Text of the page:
This popular casuistry is no doubt what those evangelical humanitarians featured in King’s and Freeman’s books have engaged in, generating new ideas of Christian mission and changing their organizations’ identities as they sought to navigate ever-shifting realities on the ground. As shown above, there has been no easy answer to any of the difficult problems they have encountered. In Lynch’s view, this must help religious actors grasp the ethical fragility of their knowledge and action, embrace humility, and practice constant reflexivity. She challenges Christians to adopt this attitude of “ethical precarity” because, as she shows throughout her book, they have repeatedly failed in bridging ethical divides between Christians and non-Christian “others” and between violent and non-violent means of promoting peace and justice.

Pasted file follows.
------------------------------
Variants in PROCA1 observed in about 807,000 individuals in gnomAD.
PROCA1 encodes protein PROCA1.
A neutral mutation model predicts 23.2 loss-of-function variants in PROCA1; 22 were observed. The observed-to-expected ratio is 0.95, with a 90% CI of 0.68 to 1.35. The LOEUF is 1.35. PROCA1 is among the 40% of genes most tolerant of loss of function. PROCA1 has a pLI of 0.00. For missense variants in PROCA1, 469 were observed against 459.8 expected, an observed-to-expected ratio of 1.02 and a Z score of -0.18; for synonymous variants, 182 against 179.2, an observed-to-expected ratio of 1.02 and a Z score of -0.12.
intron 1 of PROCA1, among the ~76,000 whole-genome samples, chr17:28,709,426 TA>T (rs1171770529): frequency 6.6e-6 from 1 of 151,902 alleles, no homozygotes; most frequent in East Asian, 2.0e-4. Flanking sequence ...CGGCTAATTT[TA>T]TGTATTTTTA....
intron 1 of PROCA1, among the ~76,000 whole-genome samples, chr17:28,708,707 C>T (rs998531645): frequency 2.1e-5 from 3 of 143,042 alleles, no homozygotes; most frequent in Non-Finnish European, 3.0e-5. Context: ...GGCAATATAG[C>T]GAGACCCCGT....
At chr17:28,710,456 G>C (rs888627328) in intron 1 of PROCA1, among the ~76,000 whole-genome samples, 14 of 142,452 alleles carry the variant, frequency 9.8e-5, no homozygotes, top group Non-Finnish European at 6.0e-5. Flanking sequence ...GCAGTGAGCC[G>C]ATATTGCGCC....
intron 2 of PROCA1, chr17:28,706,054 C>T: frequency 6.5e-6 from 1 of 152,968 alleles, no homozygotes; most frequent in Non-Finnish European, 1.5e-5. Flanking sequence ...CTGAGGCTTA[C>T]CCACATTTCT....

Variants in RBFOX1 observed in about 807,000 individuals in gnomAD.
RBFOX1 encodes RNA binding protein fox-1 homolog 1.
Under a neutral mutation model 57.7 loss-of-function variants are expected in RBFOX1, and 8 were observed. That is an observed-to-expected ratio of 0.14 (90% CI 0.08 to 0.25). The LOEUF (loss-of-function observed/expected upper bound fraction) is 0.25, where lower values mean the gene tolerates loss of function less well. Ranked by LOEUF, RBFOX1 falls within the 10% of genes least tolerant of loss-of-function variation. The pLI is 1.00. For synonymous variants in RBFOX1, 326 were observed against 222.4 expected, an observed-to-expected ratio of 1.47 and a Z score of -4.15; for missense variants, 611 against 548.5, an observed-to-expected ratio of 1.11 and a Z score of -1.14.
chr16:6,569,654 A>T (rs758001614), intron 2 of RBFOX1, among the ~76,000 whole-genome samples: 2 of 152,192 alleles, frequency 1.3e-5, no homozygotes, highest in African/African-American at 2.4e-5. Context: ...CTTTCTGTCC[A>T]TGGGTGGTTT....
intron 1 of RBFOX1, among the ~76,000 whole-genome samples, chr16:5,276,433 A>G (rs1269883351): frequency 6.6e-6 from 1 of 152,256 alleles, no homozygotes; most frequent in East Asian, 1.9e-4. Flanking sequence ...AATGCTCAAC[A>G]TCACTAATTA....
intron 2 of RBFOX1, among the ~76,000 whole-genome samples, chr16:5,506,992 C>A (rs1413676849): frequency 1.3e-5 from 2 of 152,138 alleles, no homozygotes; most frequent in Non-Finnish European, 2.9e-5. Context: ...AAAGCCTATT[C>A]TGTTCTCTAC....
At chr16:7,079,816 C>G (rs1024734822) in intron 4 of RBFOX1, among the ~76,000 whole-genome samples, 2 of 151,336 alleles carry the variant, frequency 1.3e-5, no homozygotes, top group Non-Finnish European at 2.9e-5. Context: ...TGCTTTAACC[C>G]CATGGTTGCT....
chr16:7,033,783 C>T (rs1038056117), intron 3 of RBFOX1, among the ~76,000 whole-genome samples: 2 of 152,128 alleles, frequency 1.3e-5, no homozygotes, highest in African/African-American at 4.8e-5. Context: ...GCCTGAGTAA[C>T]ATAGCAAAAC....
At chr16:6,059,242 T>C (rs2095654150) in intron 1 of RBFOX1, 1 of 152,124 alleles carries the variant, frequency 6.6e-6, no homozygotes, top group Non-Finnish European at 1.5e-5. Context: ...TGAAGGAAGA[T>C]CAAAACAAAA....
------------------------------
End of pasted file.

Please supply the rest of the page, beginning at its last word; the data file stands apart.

In addition to her case studies on Christian responses to colonialism, war, and economic injustice in the developing world, Lynch addresses the growth of Christian humanitarian in the post-Cold War era. In her analysis, there have been two proselytism problems in contemporary Christian humanitarianism: what she calls “donor proselytism,” which refers to the promotion of neoliberal language and values of development and management, and religious proselytism. Christian humanitarians, including evangelical ones, have been implicated in both, even as many have utilized popular casuistry to challenge or modify them. For example, Lynch shows how World Vision, as a signer of the Code of Conduct for Humanitarian Relief, rejects proselytism yet embraces evangelism or Christian witness as a legitimate way of sharing its faith. She also discusses how the U.S. International Religious Freedom Act, which was supported by many of the same signatories of the code of conduct, can be used to create a more favorable condition for Christian proselytism and conversion in Muslim countries, contradicting the letters and spirit of the code. Although Lynch necessarily paints in broad strokes, often glossing over the dynamic changes within major evangelical organizations King and Freeman so ably demonstrate, neither of them would seriously disagree with her criticism and warning.3